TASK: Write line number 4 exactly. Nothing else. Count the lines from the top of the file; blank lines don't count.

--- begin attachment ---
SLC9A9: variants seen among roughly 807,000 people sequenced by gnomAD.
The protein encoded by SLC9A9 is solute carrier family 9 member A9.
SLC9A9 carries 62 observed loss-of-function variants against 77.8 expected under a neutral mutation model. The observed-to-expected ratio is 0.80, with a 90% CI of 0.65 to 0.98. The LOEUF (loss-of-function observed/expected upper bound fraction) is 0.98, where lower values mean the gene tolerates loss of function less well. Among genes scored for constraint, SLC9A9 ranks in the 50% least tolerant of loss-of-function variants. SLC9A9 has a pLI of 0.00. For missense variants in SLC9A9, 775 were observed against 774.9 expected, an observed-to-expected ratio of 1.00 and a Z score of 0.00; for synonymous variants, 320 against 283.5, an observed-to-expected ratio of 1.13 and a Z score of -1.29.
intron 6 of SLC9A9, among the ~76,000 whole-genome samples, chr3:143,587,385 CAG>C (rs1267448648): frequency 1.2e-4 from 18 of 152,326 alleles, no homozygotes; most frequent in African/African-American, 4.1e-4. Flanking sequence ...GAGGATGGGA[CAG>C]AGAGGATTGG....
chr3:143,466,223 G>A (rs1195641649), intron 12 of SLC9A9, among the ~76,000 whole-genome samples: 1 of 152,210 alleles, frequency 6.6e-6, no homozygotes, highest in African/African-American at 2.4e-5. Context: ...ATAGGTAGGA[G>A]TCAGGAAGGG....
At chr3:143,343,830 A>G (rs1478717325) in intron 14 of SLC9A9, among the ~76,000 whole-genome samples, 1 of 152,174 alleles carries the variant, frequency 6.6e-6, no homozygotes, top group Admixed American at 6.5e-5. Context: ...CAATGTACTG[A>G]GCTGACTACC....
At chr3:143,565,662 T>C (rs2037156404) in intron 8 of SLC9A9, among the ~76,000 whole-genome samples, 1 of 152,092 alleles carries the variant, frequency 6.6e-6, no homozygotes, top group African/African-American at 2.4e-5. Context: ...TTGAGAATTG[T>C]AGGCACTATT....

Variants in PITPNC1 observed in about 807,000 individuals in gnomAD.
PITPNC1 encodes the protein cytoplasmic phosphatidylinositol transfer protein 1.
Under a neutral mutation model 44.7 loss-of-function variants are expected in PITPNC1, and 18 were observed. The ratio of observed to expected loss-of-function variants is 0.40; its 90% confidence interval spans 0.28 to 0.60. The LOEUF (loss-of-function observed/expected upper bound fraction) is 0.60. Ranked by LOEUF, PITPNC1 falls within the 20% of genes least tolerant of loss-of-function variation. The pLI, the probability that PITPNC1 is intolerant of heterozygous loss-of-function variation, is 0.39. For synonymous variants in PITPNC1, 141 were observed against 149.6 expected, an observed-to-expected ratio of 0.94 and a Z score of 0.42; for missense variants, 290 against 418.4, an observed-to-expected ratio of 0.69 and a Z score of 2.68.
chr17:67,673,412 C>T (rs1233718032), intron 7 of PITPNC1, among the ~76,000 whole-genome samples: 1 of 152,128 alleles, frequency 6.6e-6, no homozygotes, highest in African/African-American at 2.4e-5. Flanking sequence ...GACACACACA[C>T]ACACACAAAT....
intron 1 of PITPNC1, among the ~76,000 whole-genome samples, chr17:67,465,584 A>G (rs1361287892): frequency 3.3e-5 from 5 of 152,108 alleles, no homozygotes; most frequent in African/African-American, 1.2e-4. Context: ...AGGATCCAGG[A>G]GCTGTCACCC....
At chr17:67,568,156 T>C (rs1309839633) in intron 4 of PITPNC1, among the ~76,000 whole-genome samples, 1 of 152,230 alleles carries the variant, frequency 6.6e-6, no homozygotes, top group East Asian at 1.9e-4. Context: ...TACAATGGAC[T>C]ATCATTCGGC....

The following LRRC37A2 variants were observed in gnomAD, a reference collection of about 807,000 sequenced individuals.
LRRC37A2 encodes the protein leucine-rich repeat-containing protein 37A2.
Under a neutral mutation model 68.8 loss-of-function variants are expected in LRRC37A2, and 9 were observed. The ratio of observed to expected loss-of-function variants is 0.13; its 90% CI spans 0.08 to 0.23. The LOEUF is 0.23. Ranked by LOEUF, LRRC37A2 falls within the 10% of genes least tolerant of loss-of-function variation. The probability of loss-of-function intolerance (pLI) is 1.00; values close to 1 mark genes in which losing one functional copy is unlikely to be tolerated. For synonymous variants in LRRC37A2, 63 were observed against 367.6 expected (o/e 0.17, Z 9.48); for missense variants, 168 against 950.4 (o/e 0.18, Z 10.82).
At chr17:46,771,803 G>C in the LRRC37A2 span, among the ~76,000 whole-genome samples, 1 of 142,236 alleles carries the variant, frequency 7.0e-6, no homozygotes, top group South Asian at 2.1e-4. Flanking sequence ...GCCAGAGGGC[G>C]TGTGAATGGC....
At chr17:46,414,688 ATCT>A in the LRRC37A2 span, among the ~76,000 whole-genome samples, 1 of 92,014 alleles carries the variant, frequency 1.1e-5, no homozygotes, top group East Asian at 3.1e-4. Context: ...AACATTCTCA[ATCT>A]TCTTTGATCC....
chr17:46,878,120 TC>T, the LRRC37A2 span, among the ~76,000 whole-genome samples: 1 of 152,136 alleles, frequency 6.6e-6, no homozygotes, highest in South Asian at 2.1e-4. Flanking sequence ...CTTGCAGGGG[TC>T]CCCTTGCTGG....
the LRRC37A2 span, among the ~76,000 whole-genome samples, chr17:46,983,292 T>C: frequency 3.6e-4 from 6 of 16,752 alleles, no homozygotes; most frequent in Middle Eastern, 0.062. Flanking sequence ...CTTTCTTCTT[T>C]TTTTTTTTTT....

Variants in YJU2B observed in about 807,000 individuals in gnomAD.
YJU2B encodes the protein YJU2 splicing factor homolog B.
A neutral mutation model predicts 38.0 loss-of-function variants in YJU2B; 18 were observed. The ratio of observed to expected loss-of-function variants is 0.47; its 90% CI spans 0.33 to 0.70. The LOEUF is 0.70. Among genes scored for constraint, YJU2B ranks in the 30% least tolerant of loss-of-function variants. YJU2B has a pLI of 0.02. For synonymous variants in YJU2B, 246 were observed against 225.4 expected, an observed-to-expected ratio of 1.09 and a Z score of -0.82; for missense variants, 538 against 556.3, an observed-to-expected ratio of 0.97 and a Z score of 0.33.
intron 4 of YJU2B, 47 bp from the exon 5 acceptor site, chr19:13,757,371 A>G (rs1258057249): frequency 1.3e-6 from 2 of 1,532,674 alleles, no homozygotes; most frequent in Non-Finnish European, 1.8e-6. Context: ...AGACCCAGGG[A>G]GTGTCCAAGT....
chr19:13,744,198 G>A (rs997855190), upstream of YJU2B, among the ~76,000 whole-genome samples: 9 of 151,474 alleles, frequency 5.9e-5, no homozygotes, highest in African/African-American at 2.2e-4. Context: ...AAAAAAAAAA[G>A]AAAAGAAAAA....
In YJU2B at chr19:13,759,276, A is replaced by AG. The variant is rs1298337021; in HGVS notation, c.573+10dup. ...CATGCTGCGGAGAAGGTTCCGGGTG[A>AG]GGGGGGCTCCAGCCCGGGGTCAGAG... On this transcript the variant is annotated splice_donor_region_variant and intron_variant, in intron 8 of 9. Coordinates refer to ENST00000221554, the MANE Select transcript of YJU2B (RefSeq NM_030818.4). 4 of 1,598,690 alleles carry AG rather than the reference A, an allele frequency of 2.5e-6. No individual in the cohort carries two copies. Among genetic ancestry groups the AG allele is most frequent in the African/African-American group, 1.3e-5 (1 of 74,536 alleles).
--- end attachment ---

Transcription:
intron 6 of SLC9A9, among the ~76,000 whole-genome samples, chr3:143,587,385 CAG>C (rs1267448648): frequency 1.2e-4 from 18 of 152,326 alleles, no homozygotes; most frequent in African/African-American, 4.1e-4. Flanking sequence ...GAGGATGGGA[CAG>C]AGAGGATTGG....